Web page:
News Release

NJIT professor trains college counselors to help fight antisemitism

Grant and Award Announcement

New Jersey Institute of Technology

As data from the Anti-Defamation League shows antisemitism growing on college campuses in recent years and spiking after the Hamas-Israel conflict, a New Jersey Institute of Technology researcher is doing her part to combat the trend by developing a training model that will help prepare mental health professionals who work with Jewish students.

Modern students are hearing people chant slogans without understanding the intentions behind the words, or finding swastikas and other anti-Jewish graffiti on their campuses, but they are not encountering suitably trained counselors and psychologists who understand their situations.

“Clinicians really need to do a better job of understanding identity issues of culture and experiences when it comes to not only Jewish students, but everybody — all students — so this is serving that need, it's creating an empirically-based training model that doesn't truly exist right now,” explained Julie Ancis, distinguished professor of informatics, in NJIT's Ying Wu College of Computing. Her project is funded by a non-profit organization, Academic Engagement Network, created in 2015 to counter antisemitism.

Ancis will initiate focus groups with counselors and psychological professionals, and also with Jewish students, to fully understand their current situations. She’ll develop and refine a training model, leading to pilot projects and then rollouts on four campuses, and will present findings at conferences and in published papers.

Leaders of Academic Engagement Network selected Ancis for the $75,000, three-year grant in part due to her extensive experience in researching related issues. She published a book, Culturally Responsive Interventions: Innovative Approaches to Working with Diverse Populations, 20 years ago. She also wrote many journal articles and book chapters on culture and psychology. But specifically regarding antisemitism, even in her own field, “I've noticed that among Jewish colleagues who were doing work around Jewish issues and antisemitism, various opportunities in the form of books and articles, or positions presented to them — October 7th came and it was pulled.”

Ancis said there is essentially no existing literature that trains counseling professionals to work specifically with Jewish students. She has an advisory committee of four psychologists and academics in that field, who study issues around trauma and Jewish identity.

“Culturally responsive interventions and counseling interventions attend to the needs, the culture, the identity and the specific experiences of people,” she explained. “That doesn't just look at the presenting problem, whatever that is, anxiety, depression, or schizophrenia, for example. It also considers a person’s culture, their identity, their experiences. Everyone is unique and views the world differently. So [interventions involve] culturally responsive approaches to both cultural factors and contextual factors, as well as a person's particular perceptions of the world and their experiences beyond just the presenting problem.”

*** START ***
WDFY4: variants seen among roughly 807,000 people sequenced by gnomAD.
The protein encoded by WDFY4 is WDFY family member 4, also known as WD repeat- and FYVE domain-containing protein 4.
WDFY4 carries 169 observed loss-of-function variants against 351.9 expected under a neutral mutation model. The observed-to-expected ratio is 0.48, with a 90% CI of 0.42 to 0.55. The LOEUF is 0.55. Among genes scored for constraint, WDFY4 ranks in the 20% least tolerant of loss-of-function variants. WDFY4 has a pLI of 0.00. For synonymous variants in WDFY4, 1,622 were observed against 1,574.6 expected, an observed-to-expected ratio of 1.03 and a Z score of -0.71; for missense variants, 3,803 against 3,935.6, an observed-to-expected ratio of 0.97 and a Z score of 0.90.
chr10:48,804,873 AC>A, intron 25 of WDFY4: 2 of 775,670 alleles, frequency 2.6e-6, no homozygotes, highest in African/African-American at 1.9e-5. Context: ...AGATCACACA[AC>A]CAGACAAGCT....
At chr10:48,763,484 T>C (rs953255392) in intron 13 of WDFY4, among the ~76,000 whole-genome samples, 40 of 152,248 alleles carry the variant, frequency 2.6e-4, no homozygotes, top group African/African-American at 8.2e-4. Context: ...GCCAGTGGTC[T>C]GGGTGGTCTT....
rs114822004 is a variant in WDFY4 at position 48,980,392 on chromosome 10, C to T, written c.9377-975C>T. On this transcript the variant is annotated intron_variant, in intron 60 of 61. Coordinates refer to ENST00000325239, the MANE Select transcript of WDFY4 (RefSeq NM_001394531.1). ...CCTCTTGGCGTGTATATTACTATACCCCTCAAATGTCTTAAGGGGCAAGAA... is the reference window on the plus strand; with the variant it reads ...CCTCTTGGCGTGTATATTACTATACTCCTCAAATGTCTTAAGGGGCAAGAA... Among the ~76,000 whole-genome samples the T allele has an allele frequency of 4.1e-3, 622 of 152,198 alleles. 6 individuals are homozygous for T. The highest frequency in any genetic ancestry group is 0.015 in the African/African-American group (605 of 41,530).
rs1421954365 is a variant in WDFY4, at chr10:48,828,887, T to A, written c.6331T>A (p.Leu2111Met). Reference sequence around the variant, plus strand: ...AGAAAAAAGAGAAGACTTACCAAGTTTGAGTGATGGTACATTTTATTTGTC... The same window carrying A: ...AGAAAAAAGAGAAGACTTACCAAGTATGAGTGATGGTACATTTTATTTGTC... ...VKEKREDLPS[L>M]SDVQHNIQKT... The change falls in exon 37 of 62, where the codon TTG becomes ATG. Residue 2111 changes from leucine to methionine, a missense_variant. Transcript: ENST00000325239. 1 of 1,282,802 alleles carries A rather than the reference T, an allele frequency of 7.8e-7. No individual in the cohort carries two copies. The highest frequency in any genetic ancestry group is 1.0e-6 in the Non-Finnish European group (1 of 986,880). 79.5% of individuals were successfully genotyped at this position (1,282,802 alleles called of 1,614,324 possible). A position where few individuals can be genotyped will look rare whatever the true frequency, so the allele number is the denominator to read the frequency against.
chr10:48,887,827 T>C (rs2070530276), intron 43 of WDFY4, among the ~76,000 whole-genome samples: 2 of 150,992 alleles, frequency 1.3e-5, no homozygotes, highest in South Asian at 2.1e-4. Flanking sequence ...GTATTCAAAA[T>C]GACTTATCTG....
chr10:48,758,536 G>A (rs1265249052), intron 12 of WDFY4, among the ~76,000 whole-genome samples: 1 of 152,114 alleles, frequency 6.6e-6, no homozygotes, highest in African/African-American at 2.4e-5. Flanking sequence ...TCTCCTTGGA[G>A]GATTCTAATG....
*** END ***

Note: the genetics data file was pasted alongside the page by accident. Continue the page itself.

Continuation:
“We know that one of the barriers to using mental health services, and this is among many racial and ethnic minorities, is that they feel that the counselor, therapist or psychologist is not going to understand them, is not going to understand their background — and something that's really significant in terms of counseling and therapy is the therapeutic alliance. If you don't have a strong therapeutic alliance, you're not going to have an effective intervention.”

“A counselor or psychologist doesn’t need to possess the same identity or religion as a client. But they must have a deep understanding of what it means to have a particular racial, ethnic or cultural identity,” Ancis continued. “Therapists need to understand the context and issues around present-day experiences of Jewish students on college campuses, and the importance of feeling safe, feeling like they belong and feeling that their identities are valued. That would be part of the training.”

Mira Sapozhnikov, a senior from Montville majoring in forensic science, is secretary of NJIT Hillel. “I'm glad that this is happening because I do think that this is, in my opinion, a chapter in my life, in the community as a whole, that we're very quick to refuse talking to outsiders because we think that they can't understand,” she said.

Sapozhnikov said she’s experienced antisemitism in various forms, from overhearing an inappropriate joke, to having an unsolicited interaction with someone who follows another religion trying to convert her. But she feels the most concerning example of modern antisemitism is when people equate the actions of Israel, as a political state, with the beliefs of all Jewish people — many of whom are against war and believe in a peaceful two-state solution between Israel and Palestine, she noted. “There is a point where it's not just a criticism of the state. It's a criticism of Jewish people as a whole,” she observed.

“But we can make them understand if we can talk to them and they learn,” Sapozhnikov said. “That's the point of talking to other people. We can share experiences, and I think that something like this is a great first step towards making us more open toward having those uncomfortable conversations.”

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